Whether it's the design of the new product, the message of the new ad campaign, or the strategic direction of the company, hackles can rise--and feathers can get ruffled. What can you do to persuade people to go with your idea?
Often, you face a rival in these showdowns. A Moriarty to your Sherlock. A Joker to your Batman. A Jobs to your Gates.
When you're playing to win, arm yourself with 16 ways to improve your chances of thrashing your opponents and getting what you want.
- Don't convert. Forget about trying to convert your adversaries. The chances of seeing them get down on their knees and apologize for being wrong are remote. Your job is to raise doubts about the wisdom of their view.
- Listen. Be a good listener. Make sure you hear and understand your opponent's reasoning. Learn how to shift gears between listening well and thinking about how to respond.
- Clarify. If you are not sure about what your opponent has said, ask for clarification. In the heat of battle, we often counterattack reflexively without making sure we've heard the other party. It wastes time and makes you look bad.
- Stay calm and carry on. Be mindful of your emotions. When anger and fear overtake you, your cause will be weakened. Be passionate. Be expressive. But stay calm and carry on. Anger makes you less appealing.
- Take control. Pay a lot of attention to the agenda of the debate and the issue that you're fighting over. She who defines the issues and establishes the priorities is on the way to winning.
- Get believers on board. Preach to the converted in the room. Preaching to the choir is vital. Preachers do it on a weekly basis. It strengthens the commitment, intellectual confidence, and morale of your allies, making them more effective advocates for your idea.
- Play to the undecided. Do not forget the uncommitted. They are, inevitably, the majority. Your job is to pull them in your direction by making vivid the advantages of your idea and the downside of your opponent's. You will also earn trust with the undecided if you acknowledge that your idea is not perfect, but is nevertheless far superior to the alternative.
- Be humble. If you choose to make a broad appeal to everyone, offer to compromise and be modest and restrained in your presentation. You may also choose to make a sharply focused pitch to a particular audience, even at the risk of alienating others. Your choice.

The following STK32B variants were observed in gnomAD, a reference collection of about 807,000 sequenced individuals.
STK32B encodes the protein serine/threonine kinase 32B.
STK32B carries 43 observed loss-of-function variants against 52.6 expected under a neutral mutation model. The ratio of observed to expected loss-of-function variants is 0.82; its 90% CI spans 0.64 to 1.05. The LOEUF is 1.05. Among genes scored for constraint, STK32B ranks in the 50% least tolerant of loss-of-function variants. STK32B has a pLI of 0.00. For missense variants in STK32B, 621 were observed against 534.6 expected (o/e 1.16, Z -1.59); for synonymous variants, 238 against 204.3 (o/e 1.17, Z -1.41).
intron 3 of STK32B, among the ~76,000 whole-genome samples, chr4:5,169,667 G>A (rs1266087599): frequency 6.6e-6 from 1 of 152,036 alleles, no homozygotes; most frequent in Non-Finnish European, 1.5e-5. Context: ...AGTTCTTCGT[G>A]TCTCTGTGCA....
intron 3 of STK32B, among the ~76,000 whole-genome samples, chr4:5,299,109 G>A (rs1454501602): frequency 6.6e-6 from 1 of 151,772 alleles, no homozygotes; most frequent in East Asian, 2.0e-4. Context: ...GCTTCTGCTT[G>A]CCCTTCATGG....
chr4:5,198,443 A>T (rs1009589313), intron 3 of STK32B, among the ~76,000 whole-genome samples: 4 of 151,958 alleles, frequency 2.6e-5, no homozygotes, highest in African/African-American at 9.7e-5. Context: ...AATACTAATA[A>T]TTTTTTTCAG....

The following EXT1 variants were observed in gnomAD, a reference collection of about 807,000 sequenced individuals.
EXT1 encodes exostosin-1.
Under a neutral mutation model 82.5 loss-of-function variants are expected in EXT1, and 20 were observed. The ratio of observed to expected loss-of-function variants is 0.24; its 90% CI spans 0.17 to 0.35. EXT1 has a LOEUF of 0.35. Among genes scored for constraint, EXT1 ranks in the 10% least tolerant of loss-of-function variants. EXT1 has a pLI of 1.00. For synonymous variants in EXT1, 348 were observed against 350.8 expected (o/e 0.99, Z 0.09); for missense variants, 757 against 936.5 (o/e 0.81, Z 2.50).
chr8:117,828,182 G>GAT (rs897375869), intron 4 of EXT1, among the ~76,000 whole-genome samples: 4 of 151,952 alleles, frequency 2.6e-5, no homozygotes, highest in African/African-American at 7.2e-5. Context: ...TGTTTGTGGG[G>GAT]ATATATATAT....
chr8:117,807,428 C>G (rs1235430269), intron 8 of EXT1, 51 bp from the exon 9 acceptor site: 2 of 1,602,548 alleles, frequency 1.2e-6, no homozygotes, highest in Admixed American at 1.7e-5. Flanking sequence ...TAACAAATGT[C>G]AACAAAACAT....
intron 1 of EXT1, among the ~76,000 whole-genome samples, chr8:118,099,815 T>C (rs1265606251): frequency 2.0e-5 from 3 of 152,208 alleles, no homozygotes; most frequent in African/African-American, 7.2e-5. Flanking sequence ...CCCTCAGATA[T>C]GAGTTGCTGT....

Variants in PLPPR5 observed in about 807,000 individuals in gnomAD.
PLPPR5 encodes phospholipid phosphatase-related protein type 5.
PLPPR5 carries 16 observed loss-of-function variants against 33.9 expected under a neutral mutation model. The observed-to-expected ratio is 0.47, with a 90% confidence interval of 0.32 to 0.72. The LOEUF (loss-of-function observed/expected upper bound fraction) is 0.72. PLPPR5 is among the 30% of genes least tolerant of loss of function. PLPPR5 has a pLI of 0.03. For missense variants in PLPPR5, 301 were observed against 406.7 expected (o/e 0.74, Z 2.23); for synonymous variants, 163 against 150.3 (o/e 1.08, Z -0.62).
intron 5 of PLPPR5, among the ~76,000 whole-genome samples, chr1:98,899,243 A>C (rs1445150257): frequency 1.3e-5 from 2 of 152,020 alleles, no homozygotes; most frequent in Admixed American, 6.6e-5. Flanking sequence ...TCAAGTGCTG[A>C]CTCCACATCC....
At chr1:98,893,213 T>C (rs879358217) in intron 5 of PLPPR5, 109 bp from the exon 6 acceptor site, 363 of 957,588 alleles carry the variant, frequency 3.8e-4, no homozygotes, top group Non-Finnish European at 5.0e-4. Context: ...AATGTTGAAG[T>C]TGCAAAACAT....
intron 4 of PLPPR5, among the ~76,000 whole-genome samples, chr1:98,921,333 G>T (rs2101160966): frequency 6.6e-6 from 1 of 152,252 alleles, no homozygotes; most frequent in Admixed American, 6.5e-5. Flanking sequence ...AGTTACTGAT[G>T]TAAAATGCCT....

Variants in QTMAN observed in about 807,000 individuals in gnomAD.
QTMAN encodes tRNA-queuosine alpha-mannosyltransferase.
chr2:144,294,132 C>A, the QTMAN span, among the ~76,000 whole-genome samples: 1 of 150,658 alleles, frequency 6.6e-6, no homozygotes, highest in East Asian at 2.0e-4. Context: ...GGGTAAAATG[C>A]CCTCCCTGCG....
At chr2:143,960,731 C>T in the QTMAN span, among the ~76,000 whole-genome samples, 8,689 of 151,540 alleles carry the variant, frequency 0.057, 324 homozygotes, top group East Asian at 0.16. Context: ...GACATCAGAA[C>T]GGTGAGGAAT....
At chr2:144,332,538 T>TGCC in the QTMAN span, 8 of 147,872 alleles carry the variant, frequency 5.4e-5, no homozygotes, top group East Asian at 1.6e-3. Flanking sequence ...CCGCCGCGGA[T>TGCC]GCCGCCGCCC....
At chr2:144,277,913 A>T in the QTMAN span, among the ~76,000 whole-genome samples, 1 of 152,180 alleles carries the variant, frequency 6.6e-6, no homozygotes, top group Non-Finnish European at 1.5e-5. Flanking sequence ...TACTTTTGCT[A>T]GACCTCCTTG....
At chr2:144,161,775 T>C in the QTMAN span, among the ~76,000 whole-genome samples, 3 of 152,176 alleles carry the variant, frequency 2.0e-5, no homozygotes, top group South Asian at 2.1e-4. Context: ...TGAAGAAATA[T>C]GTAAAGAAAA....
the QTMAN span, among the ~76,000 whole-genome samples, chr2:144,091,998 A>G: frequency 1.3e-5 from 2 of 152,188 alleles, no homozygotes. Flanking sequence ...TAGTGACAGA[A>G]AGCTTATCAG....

- Hit your headlines. When you have a good point to make, make it often.
- Make a concession. Knowing what you can concede without damaging your stance is one of the great arts of winning an argument. As a debater, Abraham Lincoln conceded that states had rights, but not the right to enslave or export slavery to other states.
- Paint a picture. Analogy is a powerful and persuasive way to bring a point home, especially when the analogy links the subject at issue to the personal experience of the audience. For instance, I've heard it said that, during the financial crisis, what the banks did by selling toxic assets to their clients was the same as car dealers selling used cars with bad breaks to teenagers. But be careful with analogies. Use them sparingly. Be well armed to develop and defend the validity of the ones you use.
- Offer counterintuitive points. Think outside the box. For example, when quoting some well-known figure, quote one who isn't normally identified with your case. My favorite example of this is Senator Barry Goldwater, an Arizona conservative, who seems to have endorsed a liberal view of gays in the military when he said, "You don't have to be straight to shoot straight."
- Expose flaws and fallicies. Don't condemn your opponent for her motives. Stick to poking holes in what she says.
- Be an iceberg. Learn more about your topic than you can conceivably use or show. But demonstrate a mastery of the facts and you will increase your authority and intimidate your opponent.
- Know your enemy. Understand the position of your adversary--not in a caricatured or superficial form, but at it's strongest. Knowing your own position is only half the battle.
- Be plain. Be simple. Be earnest. Don't try to impress. Check your emotional appeals at the door. Seek to persuade with a thorough, well-reasoned approach.